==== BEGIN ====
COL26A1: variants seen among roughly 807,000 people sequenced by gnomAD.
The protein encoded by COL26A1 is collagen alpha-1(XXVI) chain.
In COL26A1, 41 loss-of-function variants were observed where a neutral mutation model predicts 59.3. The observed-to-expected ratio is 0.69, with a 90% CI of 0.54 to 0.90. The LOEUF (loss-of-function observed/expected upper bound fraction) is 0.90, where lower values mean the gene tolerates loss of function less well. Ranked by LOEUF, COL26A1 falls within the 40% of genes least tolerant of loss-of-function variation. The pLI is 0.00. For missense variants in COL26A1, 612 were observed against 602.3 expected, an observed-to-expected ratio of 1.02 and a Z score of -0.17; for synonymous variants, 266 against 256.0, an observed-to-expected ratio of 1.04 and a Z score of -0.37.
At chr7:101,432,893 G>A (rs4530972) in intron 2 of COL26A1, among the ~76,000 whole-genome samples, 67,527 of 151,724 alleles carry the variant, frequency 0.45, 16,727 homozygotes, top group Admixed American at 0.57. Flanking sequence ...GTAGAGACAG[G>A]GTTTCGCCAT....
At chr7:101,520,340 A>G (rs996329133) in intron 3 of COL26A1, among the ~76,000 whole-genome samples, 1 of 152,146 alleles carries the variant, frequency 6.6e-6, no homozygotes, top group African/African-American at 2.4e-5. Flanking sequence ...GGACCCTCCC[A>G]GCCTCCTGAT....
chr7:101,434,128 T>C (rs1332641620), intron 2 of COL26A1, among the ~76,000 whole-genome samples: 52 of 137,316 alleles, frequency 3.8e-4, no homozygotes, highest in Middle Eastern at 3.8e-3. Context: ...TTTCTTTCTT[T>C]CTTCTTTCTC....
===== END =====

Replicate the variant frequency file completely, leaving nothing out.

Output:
COL26A1: variants seen among roughly 807,000 people sequenced by gnomAD.
The protein encoded by COL26A1 is collagen alpha-1(XXVI) chain.
In COL26A1, 41 loss-of-function variants were observed where a neutral mutation model predicts 59.3. The observed-to-expected ratio is 0.69, with a 90% CI of 0.54 to 0.90. The LOEUF (loss-of-function observed/expected upper bound fraction) is 0.90, where lower values mean the gene tolerates loss of function less well. Ranked by LOEUF, COL26A1 falls within the 40% of genes least tolerant of loss-of-function variation. The pLI is 0.00. For missense variants in COL26A1, 612 were observed against 602.3 expected, an observed-to-expected ratio of 1.02 and a Z score of -0.17; for synonymous variants, 266 against 256.0, an observed-to-expected ratio of 1.04 and a Z score of -0.37.
At chr7:101,432,893 G>A (rs4530972) in intron 2 of COL26A1, among the ~76,000 whole-genome samples, 67,527 of 151,724 alleles carry the variant, frequency 0.45, 16,727 homozygotes, top group Admixed American at 0.57. Flanking sequence ...GTAGAGACAG[G>A]GTTTCGCCAT....
At chr7:101,520,340 A>G (rs996329133) in intron 3 of COL26A1, among the ~76,000 whole-genome samples, 1 of 152,146 alleles carries the variant, frequency 6.6e-6, no homozygotes, top group African/African-American at 2.4e-5. Flanking sequence ...GGACCCTCCC[A>G]GCCTCCTGAT....
chr7:101,434,128 T>C (rs1332641620), intron 2 of COL26A1, among the ~76,000 whole-genome samples: 52 of 137,316 alleles, frequency 3.8e-4, no homozygotes, highest in Middle Eastern at 3.8e-3. Context: ...TTTCTTTCTT[T>C]CTTCTTTCTC....